Through consulting real estate agents and government maps, BushwickDaily.com found that the boundaries of Bushwick coincide neatly with those of Brooklyn's Community District 4—Flushing Ave., the border dividing Brooklyn and Queens, and the Evergreen Cemetery. The news site also recorded video of their man-on-the-street interviews, in which people's answers tend to vary, based more on gut instinct and neighborhood social ties. The video also includes some enlightening history on the neighborhood, with a brief appearance by an animated Peter Stuyvesant, director-general of the colony of New Netherland until 1664. Check out what passes for true Bushwick after the jump.
Check out the copious photos at Scouting NY.
How can something so right go so wrong? Last night’s episode, “And the One Night Stand was full of sex jokes, made mentioned of ice cream and baseball, and even featured a visit to a prison—yet it was no better than any other episode of 2 Broke Girls. Which is to say it was terrible. But in a delightful way!
The idea is that they are handing out condoms with QR codes on them, so after you use the condom (or before! or during!) you scan the code to check in, and it makes a map of all the places people are wrapping it up in your area. You can also check in on the computer manually, which please tell me there is nobody out there typing in the address where they just fucked so it can be on a map on the internet. It also asks your partner's gender and age. But "don't worry," the website assures us, they, "generate a location close by in the neighborhood so your special spot stays secret." Which, good, because I don't want any riff-raff showing up at my condom-strewn sex grotto. Invitation-only!
Anyway, if this gets Washingtonians psyched to use condom, perfect. Mission accomplished. But I am begging you, please do not bring this here. I seriously do not need to see the sex check-ins of my neighbors. The analog "sex check-ins" of condoms and lube packets strewn all around Prospect Park is really more than enough.
The L: Where in Brooklyn do you live and how long have you been here?
Mel Flannery: I live in Crown Heights, and I've been in the city for 9 and half years. I moved here to go to Manhattan School of Music — which is a good place to get into if you're trying to convince your parents that you can leave Wisconsin when you're 18!
The L: Did you always plan on studying jazz singing?
Flannery: I took classical singing all through middle school and high school, but I'm really, really happy that I went with jazz when I went to college. I learned so much about general musicianship — writing and arranging — and I got so much personal attention because there were only two people in my program in my grade.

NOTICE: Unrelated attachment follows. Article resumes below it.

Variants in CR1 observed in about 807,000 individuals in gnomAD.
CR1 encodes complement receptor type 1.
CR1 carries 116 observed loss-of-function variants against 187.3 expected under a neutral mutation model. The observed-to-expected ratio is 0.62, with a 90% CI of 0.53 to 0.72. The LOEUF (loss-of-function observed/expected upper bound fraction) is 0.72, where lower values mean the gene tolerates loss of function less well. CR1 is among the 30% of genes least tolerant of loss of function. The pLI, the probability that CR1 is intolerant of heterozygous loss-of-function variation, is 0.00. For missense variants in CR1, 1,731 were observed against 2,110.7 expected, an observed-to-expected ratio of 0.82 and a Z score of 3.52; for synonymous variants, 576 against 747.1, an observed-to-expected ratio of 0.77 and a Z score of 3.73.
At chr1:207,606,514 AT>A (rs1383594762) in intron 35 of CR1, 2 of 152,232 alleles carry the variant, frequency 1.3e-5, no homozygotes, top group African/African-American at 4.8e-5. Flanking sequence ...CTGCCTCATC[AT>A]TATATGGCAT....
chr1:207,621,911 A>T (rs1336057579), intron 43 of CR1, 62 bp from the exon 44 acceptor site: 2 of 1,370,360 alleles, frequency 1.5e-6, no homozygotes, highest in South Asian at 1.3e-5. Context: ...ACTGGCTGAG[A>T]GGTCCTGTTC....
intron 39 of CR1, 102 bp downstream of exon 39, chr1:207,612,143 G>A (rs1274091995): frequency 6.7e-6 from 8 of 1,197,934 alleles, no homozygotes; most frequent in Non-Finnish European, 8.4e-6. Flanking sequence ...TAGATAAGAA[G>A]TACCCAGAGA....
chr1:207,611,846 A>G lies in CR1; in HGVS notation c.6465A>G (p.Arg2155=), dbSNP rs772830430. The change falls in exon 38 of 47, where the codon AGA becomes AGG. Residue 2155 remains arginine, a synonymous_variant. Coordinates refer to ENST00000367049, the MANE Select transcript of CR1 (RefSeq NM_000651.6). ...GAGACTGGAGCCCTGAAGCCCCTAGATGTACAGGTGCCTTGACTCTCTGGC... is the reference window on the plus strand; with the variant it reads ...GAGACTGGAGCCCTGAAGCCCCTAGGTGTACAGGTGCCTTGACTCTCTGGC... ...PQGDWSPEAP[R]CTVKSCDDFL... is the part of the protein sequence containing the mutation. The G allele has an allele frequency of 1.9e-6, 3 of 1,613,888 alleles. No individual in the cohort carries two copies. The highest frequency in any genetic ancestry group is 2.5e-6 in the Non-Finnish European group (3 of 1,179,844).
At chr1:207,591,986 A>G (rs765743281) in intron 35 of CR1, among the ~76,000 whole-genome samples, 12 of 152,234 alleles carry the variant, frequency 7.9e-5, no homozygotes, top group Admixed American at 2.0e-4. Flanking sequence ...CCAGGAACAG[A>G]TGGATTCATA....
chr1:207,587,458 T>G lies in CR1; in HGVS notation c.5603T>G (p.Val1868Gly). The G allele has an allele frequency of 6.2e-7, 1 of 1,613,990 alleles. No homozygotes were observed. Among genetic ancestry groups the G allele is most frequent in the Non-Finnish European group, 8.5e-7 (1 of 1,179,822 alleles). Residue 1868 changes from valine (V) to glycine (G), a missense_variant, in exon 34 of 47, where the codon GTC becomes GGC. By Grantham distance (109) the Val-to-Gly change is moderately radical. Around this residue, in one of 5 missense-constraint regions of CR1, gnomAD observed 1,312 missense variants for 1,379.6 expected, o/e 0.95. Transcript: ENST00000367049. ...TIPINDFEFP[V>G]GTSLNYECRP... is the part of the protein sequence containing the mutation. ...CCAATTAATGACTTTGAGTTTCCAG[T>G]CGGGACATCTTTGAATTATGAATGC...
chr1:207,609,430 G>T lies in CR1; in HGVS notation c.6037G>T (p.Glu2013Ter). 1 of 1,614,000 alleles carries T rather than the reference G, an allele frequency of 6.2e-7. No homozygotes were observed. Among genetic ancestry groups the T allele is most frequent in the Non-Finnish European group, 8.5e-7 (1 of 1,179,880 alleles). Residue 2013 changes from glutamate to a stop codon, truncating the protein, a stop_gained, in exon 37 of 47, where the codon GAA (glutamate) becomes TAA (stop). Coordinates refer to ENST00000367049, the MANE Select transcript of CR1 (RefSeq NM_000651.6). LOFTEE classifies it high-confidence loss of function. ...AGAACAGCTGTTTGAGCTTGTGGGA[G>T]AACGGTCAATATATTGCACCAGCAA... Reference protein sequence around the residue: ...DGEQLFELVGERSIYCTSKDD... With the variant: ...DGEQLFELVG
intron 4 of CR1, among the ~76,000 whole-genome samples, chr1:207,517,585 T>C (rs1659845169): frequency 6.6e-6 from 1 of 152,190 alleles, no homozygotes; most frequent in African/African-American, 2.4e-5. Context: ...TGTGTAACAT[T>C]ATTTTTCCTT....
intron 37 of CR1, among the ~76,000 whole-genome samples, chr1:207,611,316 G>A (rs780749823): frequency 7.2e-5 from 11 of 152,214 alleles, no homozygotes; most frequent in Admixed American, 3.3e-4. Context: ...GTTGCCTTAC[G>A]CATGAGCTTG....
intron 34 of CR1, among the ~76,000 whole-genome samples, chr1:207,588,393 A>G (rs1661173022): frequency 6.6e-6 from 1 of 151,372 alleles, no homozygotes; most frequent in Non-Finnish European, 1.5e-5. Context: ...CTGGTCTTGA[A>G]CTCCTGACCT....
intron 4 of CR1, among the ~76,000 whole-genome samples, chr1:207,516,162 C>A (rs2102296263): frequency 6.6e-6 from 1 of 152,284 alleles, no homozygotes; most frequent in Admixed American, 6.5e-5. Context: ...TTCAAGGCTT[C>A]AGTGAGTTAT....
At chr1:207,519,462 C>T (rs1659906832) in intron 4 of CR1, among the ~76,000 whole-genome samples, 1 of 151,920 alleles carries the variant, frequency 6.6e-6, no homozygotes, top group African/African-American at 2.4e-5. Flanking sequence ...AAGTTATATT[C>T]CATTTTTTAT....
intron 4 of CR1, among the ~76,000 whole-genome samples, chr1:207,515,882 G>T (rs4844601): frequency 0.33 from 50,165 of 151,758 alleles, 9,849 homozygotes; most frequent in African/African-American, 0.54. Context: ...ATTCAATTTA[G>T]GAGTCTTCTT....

If I were to tell you guys how much time I actually spend listening to Allo Darlin, I feel like you would probably be sort of creeped out and maybe not read my stuff anymore. So I'm not really going to get into that here. I'll simply tell you that they've just released a video for "Capricornia," the first single off their excellent new record, Europe, due out via Slumberland on April 17th. It, like everything else they've ever done, is exceedingly pleasant and full of heart, not to mention melodies that will make you dance and cry, possibly at the same time. Pre-order the single here.
Cyclists had criticized the barrels because they narrowed the bike lane, making it harder for them to maneuver and avoid potential collisions; and also because it obstructed their view. Possible solutions that have been suggested include bicycle speed-bumps, closing the park to automobile traffic (YES PLEASE), and correcting confusing instructions to cyclists.
Now that Kraftwerk-gate is nearly a week in the past, it’s time for us to remind you once again that you didn’t get tickets. Sorry…A quick look at Craigslist reveals that unless you’re willing to pay $2,500, it’s unlikely you’re going to see Trans-Europe Express performed live, at least at MoMA. But the idea of a band performing a residency at a New York City museum is intriguing, and something I’d like to see become a Thing. Below are 10 suggestions for other NYC museums to consider if they’re thinking about booking bands, too.